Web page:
The opinion of the court was delivered by: (Judge Caputo)
THE BACKGROUND OF THIS ORDER IS AS FOLLOWS:
Raymond King, an inmate at USP-Allenwood, White Deer, Pennsylvania, filed this pro se petition for writ of habeas corpus pursuant to 28 U.S.C. § 2241. Ricardo Martinez, the Warden of USP-Allenwood, is the respondent. In his petition, Mr. King argues that the Bureau of Prison's (BOP) practice of sanctioning inmates who refuse to participate in the BOP's Inmate Financial Responsibility Program (IFRP) is improper. Mr. King also contends the BOP lacks authority to establish a specific payment schedule to pursuant to the Mandatory Victims Restitution Act (MVRA)*fn1 as the sentencing court is exclusively vested with that responsibiity. (Doc. 1, Pet.) Mr. King seeks relief from the BOP's requirement of IFRP participation without suffering negative repercussions.*fn2
On June 26, 2009, the Respondent filed a response arguing that Mr. King's petition should be dismissed as improperly filed under section § 2241, or alternatively, because the Third Circuit Court of Appeals has already approved the constitutionality of the IFRP. (Doc. 7, Response.)
The Court disagrees with Respondent's position that we do not have authority to consider Mr. King's petition under section 2241, and with the characterization of the claim presented. Respondent, therefore, will be required to submit a supplemental response addressing the merits of Mr. King's claim - - whether the sentencing court committed an error by delegating to the BOP the amount and/or schedule of restitution payments he must make while incarcerated.
First, Mr. King is not simply challenging the constitutionality of the IFRP. A fair reading of this pro se petition suggests that Mr. King claims the BOP has usurped the role of the sentencing court by establishing its own MVRA restitution payment schedule in place of that set forth, or failed to be specified, by the sentencing court. Mr. King's request for relief specifically challenges the BOP's authority to establish a payment schedule for his MVRA obligations. "As relief, [Mr. King] requests that the BOP remove all imposed fees and collections against him as well as issue a 'legal permanent bar' to prohibit the BOP from collecting payments or imposing sanctions in the future." (Doc. 7, at R. 2.)*fn3 Clearly, the scope of the Petition is broader than Respondent suggests.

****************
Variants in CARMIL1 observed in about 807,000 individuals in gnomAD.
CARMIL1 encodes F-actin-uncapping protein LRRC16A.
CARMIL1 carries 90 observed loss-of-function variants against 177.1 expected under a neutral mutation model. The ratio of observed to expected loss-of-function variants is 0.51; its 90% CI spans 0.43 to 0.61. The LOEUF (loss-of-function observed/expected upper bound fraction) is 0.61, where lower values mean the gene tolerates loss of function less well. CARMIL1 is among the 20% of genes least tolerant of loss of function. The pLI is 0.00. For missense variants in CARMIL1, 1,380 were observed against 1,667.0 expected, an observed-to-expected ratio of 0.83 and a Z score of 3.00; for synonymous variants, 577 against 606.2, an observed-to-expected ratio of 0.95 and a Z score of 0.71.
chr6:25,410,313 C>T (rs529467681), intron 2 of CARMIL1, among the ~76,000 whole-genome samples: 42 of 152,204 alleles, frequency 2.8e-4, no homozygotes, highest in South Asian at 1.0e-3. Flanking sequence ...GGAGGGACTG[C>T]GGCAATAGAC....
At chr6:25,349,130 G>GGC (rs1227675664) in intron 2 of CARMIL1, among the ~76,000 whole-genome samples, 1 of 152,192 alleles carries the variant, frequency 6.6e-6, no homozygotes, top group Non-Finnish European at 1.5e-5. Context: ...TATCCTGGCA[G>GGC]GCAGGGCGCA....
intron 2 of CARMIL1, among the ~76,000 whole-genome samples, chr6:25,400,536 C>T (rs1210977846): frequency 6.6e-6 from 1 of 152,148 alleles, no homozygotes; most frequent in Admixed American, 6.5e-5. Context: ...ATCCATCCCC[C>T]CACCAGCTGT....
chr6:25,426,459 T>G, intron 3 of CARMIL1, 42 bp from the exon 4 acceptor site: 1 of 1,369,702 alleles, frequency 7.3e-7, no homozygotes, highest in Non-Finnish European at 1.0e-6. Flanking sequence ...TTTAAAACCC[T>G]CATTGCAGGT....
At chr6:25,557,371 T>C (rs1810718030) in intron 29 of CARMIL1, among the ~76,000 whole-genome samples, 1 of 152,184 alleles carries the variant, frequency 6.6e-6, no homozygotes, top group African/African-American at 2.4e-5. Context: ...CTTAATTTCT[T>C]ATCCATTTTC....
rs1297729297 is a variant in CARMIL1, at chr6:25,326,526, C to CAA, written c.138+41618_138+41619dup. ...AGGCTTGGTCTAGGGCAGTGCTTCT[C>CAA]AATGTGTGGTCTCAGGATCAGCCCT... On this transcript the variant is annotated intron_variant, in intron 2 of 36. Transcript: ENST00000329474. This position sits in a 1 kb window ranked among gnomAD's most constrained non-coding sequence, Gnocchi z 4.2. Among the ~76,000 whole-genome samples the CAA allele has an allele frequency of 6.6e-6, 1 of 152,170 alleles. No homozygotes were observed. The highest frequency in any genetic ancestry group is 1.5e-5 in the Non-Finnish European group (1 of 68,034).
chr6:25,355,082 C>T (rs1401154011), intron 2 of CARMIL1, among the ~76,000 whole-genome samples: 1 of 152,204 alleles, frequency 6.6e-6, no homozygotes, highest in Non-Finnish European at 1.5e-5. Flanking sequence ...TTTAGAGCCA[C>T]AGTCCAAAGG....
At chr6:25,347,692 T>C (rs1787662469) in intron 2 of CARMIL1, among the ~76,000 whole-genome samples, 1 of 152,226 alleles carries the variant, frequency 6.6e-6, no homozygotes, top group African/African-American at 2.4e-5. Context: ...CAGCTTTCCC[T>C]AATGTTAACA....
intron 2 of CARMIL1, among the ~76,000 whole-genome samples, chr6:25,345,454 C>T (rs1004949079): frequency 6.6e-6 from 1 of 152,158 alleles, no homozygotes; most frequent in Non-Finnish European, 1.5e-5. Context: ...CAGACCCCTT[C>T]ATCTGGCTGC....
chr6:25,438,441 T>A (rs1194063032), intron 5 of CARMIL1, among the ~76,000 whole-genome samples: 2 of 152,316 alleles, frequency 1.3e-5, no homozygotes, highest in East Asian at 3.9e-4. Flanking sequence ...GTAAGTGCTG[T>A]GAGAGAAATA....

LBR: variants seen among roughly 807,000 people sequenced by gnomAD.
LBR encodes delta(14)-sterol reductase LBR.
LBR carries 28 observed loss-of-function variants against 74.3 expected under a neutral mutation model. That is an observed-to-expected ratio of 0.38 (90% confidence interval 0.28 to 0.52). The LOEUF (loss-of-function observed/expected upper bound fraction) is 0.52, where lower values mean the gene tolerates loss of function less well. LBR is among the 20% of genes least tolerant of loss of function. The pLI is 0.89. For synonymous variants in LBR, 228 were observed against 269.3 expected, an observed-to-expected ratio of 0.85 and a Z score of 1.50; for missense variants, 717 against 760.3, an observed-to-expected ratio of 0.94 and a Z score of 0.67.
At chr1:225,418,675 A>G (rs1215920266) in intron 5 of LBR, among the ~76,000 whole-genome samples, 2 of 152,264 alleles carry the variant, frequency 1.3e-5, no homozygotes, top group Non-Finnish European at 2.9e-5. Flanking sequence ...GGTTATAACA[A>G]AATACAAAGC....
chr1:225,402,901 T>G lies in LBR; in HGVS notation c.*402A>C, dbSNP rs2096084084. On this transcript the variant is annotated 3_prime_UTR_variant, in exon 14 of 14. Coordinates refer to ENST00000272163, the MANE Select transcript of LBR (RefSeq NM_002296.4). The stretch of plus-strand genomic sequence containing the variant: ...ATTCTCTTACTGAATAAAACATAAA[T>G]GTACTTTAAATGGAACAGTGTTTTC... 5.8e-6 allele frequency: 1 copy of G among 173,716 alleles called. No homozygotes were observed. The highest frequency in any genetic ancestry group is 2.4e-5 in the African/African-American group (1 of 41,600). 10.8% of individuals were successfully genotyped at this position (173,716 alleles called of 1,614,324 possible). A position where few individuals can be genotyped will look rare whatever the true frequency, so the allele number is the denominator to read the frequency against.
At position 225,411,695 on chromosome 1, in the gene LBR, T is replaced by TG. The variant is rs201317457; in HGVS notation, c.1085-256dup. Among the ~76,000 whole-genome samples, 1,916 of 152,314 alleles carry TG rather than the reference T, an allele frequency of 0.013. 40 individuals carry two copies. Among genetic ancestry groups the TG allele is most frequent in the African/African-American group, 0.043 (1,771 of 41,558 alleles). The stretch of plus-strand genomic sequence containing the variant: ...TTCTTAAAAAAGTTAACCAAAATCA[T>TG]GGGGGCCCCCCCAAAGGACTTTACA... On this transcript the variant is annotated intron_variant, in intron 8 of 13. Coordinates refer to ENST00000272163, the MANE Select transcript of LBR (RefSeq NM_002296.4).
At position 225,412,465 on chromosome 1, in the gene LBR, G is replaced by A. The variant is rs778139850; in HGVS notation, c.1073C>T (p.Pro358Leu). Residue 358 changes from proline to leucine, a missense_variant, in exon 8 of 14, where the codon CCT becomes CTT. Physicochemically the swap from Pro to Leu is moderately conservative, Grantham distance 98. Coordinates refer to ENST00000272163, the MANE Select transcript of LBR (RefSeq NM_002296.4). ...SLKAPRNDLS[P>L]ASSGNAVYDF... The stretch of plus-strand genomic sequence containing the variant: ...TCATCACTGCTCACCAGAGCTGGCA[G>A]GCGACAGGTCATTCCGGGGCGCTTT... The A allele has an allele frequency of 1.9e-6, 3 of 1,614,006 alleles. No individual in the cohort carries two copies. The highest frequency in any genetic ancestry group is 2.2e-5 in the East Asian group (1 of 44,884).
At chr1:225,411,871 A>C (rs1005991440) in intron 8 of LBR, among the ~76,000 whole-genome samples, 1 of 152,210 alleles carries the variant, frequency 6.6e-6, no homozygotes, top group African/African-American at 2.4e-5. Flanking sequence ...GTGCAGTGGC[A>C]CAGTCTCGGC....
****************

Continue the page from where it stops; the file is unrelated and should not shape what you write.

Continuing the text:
Next, the Court does not agree that Mr. King's claim challenging the BOP's administration of its IFRP as related to his court imposed restitution obligations is not cognizable in a habeas action pursuant to 28 U.S.C. § 2241. (Id. at R. 3.) In Pinet v. J. Grondolosky, No. 09-1491, 2009 WL 2942699 (3d Cir. September 15, 2009), the Third Circuit Court of Appeals, in reviewing the disposition of a case very similar to Mr. King's, stated the following:
[B]ecause Pinet challenges the execution of his sentence by claiming that the BOP acted unlawfully in establishing a payment schedule regarding the imposed fine, the claim falls squarely within the purview of a section 2241 petition. See Coady v. Vaughn, 251 F.3d 480, 485 (3d Cir. 2001).
As such, it is clearly established that the type of claim presented by Mr. King, namely whether or not the BOP has the authority to set the terms of his restitution while incarcerated is a cognizable claim pursuable via a petition for writ of habeas corpus pursuant to 28 U.S.C. § 2241. Having concluded that this Court may consider Mr. King's § 2241 petition, we will allow the parties additional time to brief the merits of the claim.
AND NOW, this 12th day of January, 2010, it is ordered that:
1. Respondent shall file a brief in response to the merits of Mr. King's § 2241 petition within fifteen (15) days of the date of this Order.
2. Any such response shall include a copy of Mr. King's sentencing order with respect to restitution, fines, and/or special assessments;
3. Mr. King may file a reply brief to Respondent's brief within fourteen (14) days of the date ...